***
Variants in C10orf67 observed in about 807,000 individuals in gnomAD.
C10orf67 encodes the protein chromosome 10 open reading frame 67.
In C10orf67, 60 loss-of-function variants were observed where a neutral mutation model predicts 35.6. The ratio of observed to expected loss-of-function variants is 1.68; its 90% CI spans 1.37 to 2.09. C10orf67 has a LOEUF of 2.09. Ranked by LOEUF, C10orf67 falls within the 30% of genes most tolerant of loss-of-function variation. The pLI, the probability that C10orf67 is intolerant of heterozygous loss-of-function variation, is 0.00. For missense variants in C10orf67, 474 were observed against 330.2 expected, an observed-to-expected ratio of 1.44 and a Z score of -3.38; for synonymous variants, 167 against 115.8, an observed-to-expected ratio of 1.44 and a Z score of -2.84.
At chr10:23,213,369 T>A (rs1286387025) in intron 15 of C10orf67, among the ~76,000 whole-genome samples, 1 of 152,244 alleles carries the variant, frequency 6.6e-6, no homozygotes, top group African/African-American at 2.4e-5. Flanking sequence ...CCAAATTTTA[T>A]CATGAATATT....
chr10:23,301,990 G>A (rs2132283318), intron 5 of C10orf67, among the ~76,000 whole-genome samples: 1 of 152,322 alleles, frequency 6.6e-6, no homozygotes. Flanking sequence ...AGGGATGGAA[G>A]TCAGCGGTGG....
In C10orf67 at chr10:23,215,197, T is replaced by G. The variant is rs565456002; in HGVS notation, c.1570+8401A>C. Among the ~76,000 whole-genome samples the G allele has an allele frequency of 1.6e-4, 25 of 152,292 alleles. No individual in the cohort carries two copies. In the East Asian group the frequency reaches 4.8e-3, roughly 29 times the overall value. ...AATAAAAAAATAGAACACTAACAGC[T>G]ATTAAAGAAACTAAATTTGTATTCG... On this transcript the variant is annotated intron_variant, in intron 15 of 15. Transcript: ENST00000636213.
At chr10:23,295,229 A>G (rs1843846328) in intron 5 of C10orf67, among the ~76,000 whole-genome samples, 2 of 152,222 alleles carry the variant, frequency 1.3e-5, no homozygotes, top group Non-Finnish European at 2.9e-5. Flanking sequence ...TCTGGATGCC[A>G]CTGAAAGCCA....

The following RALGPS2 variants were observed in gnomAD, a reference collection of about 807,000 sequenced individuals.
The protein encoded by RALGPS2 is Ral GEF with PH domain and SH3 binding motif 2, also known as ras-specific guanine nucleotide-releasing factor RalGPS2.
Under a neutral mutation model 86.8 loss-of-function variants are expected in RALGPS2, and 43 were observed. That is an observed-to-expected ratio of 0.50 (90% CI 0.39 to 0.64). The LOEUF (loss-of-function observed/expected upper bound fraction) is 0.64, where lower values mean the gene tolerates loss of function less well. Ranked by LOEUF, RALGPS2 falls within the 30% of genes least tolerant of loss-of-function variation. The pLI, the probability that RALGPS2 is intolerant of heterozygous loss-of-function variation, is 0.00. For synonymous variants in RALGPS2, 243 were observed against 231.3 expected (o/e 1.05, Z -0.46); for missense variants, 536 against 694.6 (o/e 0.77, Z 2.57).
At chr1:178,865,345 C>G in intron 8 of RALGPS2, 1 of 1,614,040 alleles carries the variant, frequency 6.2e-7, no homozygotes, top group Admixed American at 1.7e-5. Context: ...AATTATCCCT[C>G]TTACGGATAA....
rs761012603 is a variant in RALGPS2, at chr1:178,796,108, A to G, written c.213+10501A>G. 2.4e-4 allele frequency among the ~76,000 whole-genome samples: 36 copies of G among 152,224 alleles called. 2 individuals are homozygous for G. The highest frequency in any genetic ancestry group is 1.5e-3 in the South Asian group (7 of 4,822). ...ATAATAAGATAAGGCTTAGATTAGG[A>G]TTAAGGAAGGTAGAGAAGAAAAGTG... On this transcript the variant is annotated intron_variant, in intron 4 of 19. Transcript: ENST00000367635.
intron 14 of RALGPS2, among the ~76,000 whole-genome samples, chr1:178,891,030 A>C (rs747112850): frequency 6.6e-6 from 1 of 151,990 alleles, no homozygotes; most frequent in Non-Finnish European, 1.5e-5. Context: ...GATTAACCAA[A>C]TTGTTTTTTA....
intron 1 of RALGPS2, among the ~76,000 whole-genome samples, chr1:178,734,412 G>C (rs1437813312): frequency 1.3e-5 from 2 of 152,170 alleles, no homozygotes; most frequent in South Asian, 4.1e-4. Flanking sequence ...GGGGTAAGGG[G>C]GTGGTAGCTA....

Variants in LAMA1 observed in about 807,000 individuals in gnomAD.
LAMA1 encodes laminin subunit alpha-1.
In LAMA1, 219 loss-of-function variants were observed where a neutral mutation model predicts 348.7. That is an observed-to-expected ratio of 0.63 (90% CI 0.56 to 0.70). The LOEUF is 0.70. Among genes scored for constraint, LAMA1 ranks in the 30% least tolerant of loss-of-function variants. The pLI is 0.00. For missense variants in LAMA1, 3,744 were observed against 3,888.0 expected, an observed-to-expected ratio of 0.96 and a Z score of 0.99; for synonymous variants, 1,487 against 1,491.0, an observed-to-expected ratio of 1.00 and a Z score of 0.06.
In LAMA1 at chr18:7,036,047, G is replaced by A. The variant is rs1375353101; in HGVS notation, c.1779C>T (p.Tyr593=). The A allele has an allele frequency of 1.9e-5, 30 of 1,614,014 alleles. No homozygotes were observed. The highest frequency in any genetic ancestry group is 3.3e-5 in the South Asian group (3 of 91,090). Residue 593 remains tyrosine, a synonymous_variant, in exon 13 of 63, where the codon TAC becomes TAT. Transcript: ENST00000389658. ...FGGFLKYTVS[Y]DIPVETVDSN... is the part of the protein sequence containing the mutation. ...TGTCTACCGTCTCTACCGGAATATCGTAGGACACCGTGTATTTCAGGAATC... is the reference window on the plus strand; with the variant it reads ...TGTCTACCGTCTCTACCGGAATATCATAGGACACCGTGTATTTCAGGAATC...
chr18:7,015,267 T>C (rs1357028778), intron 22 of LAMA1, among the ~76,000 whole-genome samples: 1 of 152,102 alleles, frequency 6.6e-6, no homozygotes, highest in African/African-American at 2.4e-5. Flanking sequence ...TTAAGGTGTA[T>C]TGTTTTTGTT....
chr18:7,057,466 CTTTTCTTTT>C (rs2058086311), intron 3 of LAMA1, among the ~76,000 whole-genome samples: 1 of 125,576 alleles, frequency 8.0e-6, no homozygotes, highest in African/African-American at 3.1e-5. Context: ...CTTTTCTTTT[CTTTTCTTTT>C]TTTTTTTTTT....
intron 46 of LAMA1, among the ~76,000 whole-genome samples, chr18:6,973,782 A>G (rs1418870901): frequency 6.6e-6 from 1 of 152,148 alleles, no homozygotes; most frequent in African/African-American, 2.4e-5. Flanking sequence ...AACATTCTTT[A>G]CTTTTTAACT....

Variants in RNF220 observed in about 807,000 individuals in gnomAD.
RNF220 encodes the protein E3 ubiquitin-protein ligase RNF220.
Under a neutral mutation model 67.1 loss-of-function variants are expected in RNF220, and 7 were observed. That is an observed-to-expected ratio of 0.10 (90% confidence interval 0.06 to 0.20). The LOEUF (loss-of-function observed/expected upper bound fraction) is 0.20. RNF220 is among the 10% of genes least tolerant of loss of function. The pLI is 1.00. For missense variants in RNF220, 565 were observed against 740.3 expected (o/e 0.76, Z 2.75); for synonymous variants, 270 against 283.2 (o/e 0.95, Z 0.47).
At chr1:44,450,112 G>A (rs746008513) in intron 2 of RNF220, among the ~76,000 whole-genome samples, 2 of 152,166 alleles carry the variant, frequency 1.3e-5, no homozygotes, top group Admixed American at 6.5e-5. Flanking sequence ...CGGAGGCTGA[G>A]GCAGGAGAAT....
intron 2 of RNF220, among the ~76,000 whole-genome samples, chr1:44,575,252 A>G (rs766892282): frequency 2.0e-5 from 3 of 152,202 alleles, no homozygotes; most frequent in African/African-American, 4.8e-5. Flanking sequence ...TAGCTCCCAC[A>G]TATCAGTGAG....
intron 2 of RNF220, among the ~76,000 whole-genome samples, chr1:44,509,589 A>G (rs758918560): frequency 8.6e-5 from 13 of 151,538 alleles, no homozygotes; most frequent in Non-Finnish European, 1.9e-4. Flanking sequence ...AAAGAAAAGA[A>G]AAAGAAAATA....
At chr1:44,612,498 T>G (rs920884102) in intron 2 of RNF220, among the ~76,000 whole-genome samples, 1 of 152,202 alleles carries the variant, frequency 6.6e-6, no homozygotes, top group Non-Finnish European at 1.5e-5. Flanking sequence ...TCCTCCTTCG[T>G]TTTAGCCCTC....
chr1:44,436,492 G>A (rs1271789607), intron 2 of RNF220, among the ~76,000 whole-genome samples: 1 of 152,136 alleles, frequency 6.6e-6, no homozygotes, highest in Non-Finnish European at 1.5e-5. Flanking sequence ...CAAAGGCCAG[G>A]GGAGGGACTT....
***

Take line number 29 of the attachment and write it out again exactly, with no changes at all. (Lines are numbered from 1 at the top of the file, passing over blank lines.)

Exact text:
chr1:44,436,492 G>A (rs1271789607), intron 2 of RNF220, among the ~76,000 whole-genome samples: 1 of 152,136 alleles, frequency 6.6e-6, no homozygotes, highest in Non-Finnish European at 1.5e-5. Flanking sequence ...CAAAGGCCAG[G>A]GGAGGGACTT....